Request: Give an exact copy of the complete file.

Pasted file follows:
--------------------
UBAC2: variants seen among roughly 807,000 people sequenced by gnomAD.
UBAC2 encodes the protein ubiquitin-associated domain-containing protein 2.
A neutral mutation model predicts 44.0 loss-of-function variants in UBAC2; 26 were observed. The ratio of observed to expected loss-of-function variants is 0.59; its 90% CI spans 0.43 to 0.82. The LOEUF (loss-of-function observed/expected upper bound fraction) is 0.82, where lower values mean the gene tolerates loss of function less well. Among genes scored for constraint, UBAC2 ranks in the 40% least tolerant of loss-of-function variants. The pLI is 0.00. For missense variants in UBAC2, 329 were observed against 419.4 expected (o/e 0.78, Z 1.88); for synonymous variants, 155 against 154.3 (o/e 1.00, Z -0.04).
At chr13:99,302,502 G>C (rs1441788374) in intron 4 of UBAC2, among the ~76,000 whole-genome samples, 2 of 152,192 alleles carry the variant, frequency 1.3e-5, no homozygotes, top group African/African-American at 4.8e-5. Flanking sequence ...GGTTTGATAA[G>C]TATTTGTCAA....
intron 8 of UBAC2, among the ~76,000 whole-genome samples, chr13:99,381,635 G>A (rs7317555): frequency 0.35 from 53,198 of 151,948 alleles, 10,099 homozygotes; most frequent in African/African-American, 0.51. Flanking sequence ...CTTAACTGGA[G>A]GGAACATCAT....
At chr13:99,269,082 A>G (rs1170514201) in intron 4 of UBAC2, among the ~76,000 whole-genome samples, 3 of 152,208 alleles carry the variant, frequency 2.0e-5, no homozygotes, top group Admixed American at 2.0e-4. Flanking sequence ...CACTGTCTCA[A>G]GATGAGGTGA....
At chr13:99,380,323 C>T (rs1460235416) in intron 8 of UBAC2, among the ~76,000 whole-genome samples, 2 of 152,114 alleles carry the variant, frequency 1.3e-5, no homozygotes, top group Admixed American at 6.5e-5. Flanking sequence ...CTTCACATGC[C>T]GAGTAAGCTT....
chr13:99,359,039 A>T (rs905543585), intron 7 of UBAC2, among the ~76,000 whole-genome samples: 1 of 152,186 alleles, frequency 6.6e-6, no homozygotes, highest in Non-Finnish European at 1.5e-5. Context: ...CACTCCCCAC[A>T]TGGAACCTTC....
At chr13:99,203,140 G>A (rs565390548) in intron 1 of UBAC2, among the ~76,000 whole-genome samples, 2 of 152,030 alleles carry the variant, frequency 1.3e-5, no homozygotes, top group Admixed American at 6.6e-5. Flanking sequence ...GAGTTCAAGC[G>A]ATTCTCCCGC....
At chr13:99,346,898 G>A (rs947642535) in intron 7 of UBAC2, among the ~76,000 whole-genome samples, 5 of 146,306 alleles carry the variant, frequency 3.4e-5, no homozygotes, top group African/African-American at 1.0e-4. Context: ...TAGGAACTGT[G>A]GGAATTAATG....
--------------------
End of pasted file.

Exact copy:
UBAC2: variants seen among roughly 807,000 people sequenced by gnomAD.
UBAC2 encodes the protein ubiquitin-associated domain-containing protein 2.
A neutral mutation model predicts 44.0 loss-of-function variants in UBAC2; 26 were observed. The ratio of observed to expected loss-of-function variants is 0.59; its 90% CI spans 0.43 to 0.82. The LOEUF (loss-of-function observed/expected upper bound fraction) is 0.82, where lower values mean the gene tolerates loss of function less well. Among genes scored for constraint, UBAC2 ranks in the 40% least tolerant of loss-of-function variants. The pLI is 0.00. For missense variants in UBAC2, 329 were observed against 419.4 expected (o/e 0.78, Z 1.88); for synonymous variants, 155 against 154.3 (o/e 1.00, Z -0.04).
At chr13:99,302,502 G>C (rs1441788374) in intron 4 of UBAC2, among the ~76,000 whole-genome samples, 2 of 152,192 alleles carry the variant, frequency 1.3e-5, no homozygotes, top group African/African-American at 4.8e-5. Flanking sequence ...GGTTTGATAA[G>C]TATTTGTCAA....
intron 8 of UBAC2, among the ~76,000 whole-genome samples, chr13:99,381,635 G>A (rs7317555): frequency 0.35 from 53,198 of 151,948 alleles, 10,099 homozygotes; most frequent in African/African-American, 0.51. Flanking sequence ...CTTAACTGGA[G>A]GGAACATCAT....
At chr13:99,269,082 A>G (rs1170514201) in intron 4 of UBAC2, among the ~76,000 whole-genome samples, 3 of 152,208 alleles carry the variant, frequency 2.0e-5, no homozygotes, top group Admixed American at 2.0e-4. Flanking sequence ...CACTGTCTCA[A>G]GATGAGGTGA....
At chr13:99,380,323 C>T (rs1460235416) in intron 8 of UBAC2, among the ~76,000 whole-genome samples, 2 of 152,114 alleles carry the variant, frequency 1.3e-5, no homozygotes, top group Admixed American at 6.5e-5. Flanking sequence ...CTTCACATGC[C>T]GAGTAAGCTT....
chr13:99,359,039 A>T (rs905543585), intron 7 of UBAC2, among the ~76,000 whole-genome samples: 1 of 152,186 alleles, frequency 6.6e-6, no homozygotes, highest in Non-Finnish European at 1.5e-5. Context: ...CACTCCCCAC[A>T]TGGAACCTTC....
At chr13:99,203,140 G>A (rs565390548) in intron 1 of UBAC2, among the ~76,000 whole-genome samples, 2 of 152,030 alleles carry the variant, frequency 1.3e-5, no homozygotes, top group Admixed American at 6.6e-5. Flanking sequence ...GAGTTCAAGC[G>A]ATTCTCCCGC....
At chr13:99,346,898 G>A (rs947642535) in intron 7 of UBAC2, among the ~76,000 whole-genome samples, 5 of 146,306 alleles carry the variant, frequency 3.4e-5, no homozygotes, top group African/African-American at 1.0e-4. Context: ...TAGGAACTGT[G>A]GGAATTAATG....